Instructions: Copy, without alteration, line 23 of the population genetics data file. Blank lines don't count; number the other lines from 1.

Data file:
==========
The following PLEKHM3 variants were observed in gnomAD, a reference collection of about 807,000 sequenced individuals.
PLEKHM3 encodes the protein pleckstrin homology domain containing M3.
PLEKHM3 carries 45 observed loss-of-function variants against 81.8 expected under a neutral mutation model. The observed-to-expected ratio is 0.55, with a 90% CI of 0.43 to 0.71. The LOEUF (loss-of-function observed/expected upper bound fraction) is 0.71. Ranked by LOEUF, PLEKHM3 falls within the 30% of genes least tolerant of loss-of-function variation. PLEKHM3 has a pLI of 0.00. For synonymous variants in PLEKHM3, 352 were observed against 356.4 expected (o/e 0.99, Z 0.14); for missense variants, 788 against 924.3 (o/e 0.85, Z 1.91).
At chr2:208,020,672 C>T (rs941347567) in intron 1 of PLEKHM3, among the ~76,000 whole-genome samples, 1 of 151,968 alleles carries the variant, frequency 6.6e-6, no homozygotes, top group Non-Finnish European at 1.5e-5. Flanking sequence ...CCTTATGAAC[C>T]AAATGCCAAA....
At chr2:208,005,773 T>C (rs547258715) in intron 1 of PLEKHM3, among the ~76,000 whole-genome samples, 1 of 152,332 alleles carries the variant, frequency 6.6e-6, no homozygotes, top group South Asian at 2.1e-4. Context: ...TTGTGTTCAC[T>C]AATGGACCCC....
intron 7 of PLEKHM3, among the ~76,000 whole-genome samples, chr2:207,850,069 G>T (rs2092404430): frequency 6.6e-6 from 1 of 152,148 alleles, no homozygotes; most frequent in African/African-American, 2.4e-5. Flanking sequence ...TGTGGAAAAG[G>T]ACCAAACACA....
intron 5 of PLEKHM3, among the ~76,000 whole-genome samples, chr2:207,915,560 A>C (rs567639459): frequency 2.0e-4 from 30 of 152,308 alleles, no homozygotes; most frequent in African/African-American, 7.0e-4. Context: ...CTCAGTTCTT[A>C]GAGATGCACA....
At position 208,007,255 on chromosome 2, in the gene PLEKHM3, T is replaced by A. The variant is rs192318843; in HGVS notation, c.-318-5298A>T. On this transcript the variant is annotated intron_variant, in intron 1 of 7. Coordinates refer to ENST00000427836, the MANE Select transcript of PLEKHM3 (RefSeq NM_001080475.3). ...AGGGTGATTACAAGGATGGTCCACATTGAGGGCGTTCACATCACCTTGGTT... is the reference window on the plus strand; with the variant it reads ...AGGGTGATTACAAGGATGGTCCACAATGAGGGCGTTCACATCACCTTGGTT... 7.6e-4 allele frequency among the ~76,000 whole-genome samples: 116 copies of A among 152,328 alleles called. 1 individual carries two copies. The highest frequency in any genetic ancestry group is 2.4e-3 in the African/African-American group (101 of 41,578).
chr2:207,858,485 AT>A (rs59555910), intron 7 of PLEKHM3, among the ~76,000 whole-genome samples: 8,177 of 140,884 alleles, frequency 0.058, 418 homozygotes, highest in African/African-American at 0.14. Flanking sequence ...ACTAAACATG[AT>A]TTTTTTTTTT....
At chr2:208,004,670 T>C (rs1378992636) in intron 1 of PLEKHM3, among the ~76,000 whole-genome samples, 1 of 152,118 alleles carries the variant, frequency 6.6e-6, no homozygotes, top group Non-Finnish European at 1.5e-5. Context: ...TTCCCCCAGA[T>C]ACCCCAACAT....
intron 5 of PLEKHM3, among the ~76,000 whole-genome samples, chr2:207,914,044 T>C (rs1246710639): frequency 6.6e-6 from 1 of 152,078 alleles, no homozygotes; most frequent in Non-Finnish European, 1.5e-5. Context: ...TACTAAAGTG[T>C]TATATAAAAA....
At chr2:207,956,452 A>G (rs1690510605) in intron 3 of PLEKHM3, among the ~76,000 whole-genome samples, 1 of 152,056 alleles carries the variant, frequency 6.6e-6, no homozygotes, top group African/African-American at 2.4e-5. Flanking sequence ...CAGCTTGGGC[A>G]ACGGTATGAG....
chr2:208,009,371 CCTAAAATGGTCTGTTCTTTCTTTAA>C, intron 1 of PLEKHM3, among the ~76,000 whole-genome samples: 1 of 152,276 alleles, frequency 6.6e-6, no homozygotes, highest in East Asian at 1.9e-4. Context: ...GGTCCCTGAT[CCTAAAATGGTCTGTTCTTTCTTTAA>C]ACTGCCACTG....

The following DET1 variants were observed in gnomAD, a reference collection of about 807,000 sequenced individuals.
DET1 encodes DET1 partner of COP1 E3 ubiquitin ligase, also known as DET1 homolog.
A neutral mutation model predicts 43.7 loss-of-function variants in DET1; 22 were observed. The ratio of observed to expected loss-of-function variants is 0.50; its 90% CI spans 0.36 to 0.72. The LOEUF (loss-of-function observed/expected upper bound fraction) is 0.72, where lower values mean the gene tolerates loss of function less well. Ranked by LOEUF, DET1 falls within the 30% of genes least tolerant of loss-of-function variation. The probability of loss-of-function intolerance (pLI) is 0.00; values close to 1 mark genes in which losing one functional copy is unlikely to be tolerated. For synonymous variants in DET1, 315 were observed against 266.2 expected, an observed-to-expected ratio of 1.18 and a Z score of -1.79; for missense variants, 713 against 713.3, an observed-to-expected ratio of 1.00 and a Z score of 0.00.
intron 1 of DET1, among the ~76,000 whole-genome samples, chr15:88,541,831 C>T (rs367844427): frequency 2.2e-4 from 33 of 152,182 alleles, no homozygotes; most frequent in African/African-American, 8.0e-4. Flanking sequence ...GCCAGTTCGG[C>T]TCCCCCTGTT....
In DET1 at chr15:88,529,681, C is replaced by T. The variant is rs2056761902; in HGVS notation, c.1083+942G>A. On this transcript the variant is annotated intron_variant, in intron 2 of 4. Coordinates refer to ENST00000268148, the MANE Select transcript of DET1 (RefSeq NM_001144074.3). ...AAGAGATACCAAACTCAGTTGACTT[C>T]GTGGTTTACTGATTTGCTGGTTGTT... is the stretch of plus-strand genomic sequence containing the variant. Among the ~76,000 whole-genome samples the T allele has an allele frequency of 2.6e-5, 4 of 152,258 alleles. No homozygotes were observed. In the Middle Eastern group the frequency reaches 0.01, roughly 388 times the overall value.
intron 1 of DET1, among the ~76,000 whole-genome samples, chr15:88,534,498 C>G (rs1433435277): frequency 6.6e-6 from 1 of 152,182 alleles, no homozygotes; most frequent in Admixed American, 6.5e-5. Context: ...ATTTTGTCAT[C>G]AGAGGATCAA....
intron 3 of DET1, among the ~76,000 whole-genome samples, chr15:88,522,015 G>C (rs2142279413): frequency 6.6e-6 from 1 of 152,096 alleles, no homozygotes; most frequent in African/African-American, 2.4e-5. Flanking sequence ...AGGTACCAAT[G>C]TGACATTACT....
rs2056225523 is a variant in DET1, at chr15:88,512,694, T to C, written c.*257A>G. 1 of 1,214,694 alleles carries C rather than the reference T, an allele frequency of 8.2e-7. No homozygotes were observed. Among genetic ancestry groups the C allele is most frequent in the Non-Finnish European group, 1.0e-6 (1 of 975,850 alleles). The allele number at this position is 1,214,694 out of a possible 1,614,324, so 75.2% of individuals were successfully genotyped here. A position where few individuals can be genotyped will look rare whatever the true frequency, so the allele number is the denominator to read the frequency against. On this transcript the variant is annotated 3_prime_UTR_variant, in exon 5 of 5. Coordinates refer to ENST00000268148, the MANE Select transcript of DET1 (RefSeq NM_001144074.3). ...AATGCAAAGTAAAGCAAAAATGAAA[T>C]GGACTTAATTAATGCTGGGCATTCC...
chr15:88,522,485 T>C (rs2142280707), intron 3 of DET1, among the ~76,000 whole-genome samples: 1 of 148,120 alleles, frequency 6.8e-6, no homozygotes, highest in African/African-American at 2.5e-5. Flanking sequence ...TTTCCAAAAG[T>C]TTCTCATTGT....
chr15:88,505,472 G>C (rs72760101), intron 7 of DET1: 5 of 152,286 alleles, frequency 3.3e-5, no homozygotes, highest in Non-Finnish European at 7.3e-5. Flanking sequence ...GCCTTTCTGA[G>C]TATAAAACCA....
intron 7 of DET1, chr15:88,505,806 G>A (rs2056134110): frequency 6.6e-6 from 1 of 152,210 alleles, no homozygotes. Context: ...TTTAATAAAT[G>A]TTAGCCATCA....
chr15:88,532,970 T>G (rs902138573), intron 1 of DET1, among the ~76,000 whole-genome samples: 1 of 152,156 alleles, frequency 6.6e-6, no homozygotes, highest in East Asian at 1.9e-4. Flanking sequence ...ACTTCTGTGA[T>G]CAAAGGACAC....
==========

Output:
chr15:88,505,472 G>C (rs72760101), intron 7 of DET1: 5 of 152,286 alleles, frequency 3.3e-5, no homozygotes, highest in Non-Finnish European at 7.3e-5. Flanking sequence ...GCCTTTCTGA[G>C]TATAAAACCA....